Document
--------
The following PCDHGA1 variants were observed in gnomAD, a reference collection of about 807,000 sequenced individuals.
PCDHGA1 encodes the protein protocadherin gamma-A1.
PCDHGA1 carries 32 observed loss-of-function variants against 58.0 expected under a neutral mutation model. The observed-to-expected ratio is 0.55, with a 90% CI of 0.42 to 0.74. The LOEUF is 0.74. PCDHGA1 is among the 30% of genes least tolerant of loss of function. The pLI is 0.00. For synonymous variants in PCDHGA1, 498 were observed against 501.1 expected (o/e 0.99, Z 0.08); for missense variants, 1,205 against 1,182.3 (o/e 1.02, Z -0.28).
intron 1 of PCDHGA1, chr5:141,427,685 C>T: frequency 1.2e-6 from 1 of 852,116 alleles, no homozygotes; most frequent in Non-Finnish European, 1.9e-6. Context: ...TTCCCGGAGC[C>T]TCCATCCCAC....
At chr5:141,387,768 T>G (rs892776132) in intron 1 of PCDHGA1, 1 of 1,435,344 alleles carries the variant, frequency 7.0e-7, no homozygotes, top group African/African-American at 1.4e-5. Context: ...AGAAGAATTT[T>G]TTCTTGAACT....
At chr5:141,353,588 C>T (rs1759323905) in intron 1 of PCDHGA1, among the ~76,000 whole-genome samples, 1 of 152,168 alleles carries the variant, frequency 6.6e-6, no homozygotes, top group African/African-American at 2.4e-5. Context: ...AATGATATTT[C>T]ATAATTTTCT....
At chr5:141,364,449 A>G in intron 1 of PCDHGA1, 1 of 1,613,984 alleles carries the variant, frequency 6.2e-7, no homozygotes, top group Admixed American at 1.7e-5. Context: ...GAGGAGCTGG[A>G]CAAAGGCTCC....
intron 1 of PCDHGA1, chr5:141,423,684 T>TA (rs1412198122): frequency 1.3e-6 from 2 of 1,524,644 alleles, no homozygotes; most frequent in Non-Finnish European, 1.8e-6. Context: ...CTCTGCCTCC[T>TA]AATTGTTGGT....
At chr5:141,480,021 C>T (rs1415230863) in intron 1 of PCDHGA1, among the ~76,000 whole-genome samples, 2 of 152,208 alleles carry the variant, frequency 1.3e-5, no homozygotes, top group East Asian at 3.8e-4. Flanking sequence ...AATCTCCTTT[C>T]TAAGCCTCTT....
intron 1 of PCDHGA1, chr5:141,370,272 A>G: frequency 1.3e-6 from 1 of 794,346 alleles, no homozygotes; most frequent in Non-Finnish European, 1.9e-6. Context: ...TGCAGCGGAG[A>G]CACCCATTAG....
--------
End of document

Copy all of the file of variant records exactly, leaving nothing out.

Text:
The following PCDHGA1 variants were observed in gnomAD, a reference collection of about 807,000 sequenced individuals.
PCDHGA1 encodes the protein protocadherin gamma-A1.
PCDHGA1 carries 32 observed loss-of-function variants against 58.0 expected under a neutral mutation model. The observed-to-expected ratio is 0.55, with a 90% CI of 0.42 to 0.74. The LOEUF is 0.74. PCDHGA1 is among the 30% of genes least tolerant of loss of function. The pLI is 0.00. For synonymous variants in PCDHGA1, 498 were observed against 501.1 expected (o/e 0.99, Z 0.08); for missense variants, 1,205 against 1,182.3 (o/e 1.02, Z -0.28).
intron 1 of PCDHGA1, chr5:141,427,685 C>T: frequency 1.2e-6 from 1 of 852,116 alleles, no homozygotes; most frequent in Non-Finnish European, 1.9e-6. Context: ...TTCCCGGAGC[C>T]TCCATCCCAC....
At chr5:141,387,768 T>G (rs892776132) in intron 1 of PCDHGA1, 1 of 1,435,344 alleles carries the variant, frequency 7.0e-7, no homozygotes, top group African/African-American at 1.4e-5. Context: ...AGAAGAATTT[T>G]TTCTTGAACT....
At chr5:141,353,588 C>T (rs1759323905) in intron 1 of PCDHGA1, among the ~76,000 whole-genome samples, 1 of 152,168 alleles carries the variant, frequency 6.6e-6, no homozygotes, top group African/African-American at 2.4e-5. Context: ...AATGATATTT[C>T]ATAATTTTCT....
At chr5:141,364,449 A>G in intron 1 of PCDHGA1, 1 of 1,613,984 alleles carries the variant, frequency 6.2e-7, no homozygotes, top group Admixed American at 1.7e-5. Context: ...GAGGAGCTGG[A>G]CAAAGGCTCC....
intron 1 of PCDHGA1, chr5:141,423,684 T>TA (rs1412198122): frequency 1.3e-6 from 2 of 1,524,644 alleles, no homozygotes; most frequent in Non-Finnish European, 1.8e-6. Context: ...CTCTGCCTCC[T>TA]AATTGTTGGT....
At chr5:141,480,021 C>T (rs1415230863) in intron 1 of PCDHGA1, among the ~76,000 whole-genome samples, 2 of 152,208 alleles carry the variant, frequency 1.3e-5, no homozygotes, top group East Asian at 3.8e-4. Flanking sequence ...AATCTCCTTT[C>T]TAAGCCTCTT....
intron 1 of PCDHGA1, chr5:141,370,272 A>G: frequency 1.3e-6 from 1 of 794,346 alleles, no homozygotes; most frequent in Non-Finnish European, 1.9e-6. Context: ...TGCAGCGGAG[A>G]CACCCATTAG....